What is split-dollar life insurance?
Split-dollar life insurance is a contract between two or more parties to split the ownership and benefits of a permanent life insurance policy with a cash value component.
Split-dollar contracts are most often used by companies to decrease the financial impact of losing a key executive and/or as an executive benefit, such as a Supplemental Executive Retirement Plan (“SERP”).
How does a split-dollar life insurance plan work?
Split-dollar life insurance is a contract under which the premium payments and death benefit of a permanent insurance policy with a cash value is shared, usually between an employee and their employer. In business contexts, split-dollar life insurance is often a form of company-owned life insurance that benefits both the company and its employee.
Every split-dollar policy must involve two or more parties and share the costs and benefits of a cash value life insurance policy. However, split-dollar contracts can be customized and differ in the following respects:
- Which party pays the premiums.
- Which party owns the policy.
- Which party designates the beneficiaries.
- How the death benefit and cash value are split.
- When and under what circumstances the agreement terminates.
All of these details (among other items) should be laid out in the contract establishing the split-dollar policy arrangement.
Who owns a split-dollar life insurance policy?
The ownership of a split-dollar life insurance policy is determined by contract. The various ownership models each have advantages and disadvantages. The following are the primary ownership models:
- Employee-owned: the employee owns the life insurance policy while another party makes part or all of the payments
- Employer-owned: similar to key person insurance, the employer owns the policy and uses its portion of the payout to recoup business expenses related to the employee’s death.
- Business partner-owned: small business partners or closely held businesses may include a split-dollar contract in their buy-sell agreement, which dictates what happens if one owner exits the business.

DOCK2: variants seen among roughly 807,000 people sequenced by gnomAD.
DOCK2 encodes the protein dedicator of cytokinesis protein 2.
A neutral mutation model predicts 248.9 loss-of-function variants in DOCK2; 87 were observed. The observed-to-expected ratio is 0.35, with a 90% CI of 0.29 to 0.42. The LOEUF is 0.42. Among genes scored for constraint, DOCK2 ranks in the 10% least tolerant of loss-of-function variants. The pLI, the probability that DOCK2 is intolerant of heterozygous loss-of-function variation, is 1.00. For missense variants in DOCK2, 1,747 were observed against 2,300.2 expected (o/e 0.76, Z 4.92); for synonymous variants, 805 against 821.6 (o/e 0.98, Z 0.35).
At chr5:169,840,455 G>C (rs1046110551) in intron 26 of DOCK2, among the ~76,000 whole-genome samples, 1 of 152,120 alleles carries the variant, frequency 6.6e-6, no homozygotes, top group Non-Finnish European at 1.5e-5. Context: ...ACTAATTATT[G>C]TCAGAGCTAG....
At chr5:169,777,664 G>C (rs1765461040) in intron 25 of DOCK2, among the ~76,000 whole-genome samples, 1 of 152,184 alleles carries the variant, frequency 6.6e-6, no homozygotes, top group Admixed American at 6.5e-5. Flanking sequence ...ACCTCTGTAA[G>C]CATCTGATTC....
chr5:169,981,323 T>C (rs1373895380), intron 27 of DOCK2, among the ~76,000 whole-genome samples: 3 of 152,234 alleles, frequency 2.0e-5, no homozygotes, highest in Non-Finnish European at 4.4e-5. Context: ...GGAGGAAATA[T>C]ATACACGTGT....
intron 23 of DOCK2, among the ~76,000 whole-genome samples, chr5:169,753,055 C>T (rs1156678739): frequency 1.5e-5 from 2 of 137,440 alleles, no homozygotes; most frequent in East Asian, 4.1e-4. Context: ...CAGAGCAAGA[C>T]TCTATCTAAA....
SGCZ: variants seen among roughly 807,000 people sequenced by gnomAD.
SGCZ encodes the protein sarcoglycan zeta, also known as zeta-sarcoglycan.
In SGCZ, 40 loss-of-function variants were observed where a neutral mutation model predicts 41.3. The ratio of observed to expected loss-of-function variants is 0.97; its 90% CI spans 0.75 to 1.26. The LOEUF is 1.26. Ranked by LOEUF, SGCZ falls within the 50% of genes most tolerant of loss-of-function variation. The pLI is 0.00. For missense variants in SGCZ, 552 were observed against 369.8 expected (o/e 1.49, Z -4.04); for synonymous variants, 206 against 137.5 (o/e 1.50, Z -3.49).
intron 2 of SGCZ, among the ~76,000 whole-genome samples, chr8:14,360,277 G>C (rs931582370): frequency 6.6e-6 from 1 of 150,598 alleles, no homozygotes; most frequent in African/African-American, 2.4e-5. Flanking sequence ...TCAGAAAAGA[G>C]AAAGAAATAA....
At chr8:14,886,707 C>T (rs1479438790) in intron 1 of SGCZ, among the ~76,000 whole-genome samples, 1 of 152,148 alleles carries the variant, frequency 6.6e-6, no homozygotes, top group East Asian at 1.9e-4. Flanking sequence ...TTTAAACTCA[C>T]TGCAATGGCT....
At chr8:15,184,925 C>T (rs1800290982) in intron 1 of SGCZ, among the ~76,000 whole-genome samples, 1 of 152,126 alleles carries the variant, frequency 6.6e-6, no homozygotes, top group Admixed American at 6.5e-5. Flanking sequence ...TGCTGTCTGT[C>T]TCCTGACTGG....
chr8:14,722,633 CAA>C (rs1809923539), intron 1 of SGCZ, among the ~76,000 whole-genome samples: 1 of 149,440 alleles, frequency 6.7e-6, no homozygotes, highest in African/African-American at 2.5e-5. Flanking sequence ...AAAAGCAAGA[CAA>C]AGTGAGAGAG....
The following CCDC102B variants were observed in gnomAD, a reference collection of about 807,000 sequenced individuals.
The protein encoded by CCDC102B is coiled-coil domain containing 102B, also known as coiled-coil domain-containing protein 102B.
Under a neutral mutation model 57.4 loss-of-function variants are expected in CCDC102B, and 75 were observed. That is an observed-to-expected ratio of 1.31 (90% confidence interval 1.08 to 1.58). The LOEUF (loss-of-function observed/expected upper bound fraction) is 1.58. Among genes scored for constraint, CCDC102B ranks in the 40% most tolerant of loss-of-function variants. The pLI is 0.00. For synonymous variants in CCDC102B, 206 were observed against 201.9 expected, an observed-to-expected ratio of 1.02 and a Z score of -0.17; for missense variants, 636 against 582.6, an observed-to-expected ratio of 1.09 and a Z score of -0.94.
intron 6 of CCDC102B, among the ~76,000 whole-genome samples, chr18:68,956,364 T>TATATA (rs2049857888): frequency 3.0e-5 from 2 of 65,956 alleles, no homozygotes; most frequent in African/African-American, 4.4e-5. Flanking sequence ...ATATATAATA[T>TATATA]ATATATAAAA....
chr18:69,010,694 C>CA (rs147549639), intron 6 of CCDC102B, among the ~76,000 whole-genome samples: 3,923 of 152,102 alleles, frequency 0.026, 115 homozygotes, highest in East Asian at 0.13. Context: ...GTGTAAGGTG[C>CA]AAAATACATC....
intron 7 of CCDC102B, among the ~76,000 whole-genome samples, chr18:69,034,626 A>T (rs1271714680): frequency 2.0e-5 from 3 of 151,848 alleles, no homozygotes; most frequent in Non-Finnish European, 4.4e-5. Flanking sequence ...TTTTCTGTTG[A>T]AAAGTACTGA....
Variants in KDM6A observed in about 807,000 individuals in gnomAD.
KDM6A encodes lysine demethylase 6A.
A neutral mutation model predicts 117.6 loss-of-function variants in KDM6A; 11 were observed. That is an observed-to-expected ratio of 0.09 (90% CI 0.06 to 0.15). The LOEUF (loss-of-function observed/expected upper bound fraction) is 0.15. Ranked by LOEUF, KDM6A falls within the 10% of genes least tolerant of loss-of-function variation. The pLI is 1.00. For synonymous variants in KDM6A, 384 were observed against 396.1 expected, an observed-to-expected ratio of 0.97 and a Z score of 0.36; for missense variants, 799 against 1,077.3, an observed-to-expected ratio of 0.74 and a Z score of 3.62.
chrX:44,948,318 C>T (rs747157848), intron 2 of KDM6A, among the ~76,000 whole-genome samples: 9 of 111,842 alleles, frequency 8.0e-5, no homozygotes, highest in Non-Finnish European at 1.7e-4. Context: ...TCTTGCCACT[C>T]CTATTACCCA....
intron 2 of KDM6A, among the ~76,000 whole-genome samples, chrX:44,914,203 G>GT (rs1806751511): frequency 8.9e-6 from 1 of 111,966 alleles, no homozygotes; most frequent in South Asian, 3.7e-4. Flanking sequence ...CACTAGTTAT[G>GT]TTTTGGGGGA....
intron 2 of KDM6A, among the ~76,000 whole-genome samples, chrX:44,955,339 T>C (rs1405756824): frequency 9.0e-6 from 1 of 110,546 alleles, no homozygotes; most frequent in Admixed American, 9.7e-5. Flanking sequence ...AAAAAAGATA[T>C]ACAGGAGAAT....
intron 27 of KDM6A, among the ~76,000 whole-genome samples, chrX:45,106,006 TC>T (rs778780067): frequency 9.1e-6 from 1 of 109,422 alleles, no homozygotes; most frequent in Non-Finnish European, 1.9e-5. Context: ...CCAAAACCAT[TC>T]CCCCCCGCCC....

- Trust-owned: placing a life insurance policy in an irrevocable life insurance trust prevents the assets from being counted in the value of an estate.
What are the two main types of ownership contracts between companies and employees?
The two main types of ownership agreements between businesses and employees are: (1) the economic benefit/endorsement agreement; and (2) the collateral assignment/loan regime.
Economic benefit/endorsement agreement
When the company owns and pays the premiums on the life insurance policy in a split-dollar contract, but the employee executive and his or her beneficiaries obtain some of the benefits, such benefits are assigned to the employee through an endorsement agreement.
The term “economic benefit’ refers to the way that the Internal Revenue Service (“IRS”) taxes the split-dollar policy. The policy is taxed as employee pay — and calculated annually based on the benefits in the policy and the premiums paid by the company.
Collateral assignment and loan regime
When the employee executive owns the life insurance policy under the contract, but the company pays the premiums and obtains a portion of the policy benefits, the employee assigns such benefits to the company under a collateral assignment agreement.
The IRS treats the premiums paid by the company as an annual, interest-free loan to the employee (i.e., a loan regime). The company’s share of the policy benefits is treated as repayment for the loan. The employee pays tax on the interest that would have been charged if the contract was a traditional loan arrangement (known as the applicable federal rate or “AFR”).
Loan regime contracts are more complex to establish, but potentially have greater tax benefits for the employee because the employee is not taxed on the value of the split-dollar policy benefits.
What is the bottom line?
IRS regulations governing split-dollar policies have become fairly strict. However, split-dollar life insurance contracts can still be very beneficial in many circumstances.
Additionally, even if a split-dollar policy is not the best arrangement for a company, other nonqualified deferred compensation plans, or executive benefit plans may best meet its current and future goals.
Author: Emily Langdon
This article has been prepared for general information purposes and (1) does not create or constitute an attorney-client relationship, (2) is not intended as a solicitation, (3) is not intended to convey or constitute legal advice, and (4) is not a substitute for obtaining legal advice from a qualified attorney. Always seek professional counsel prior to taking action.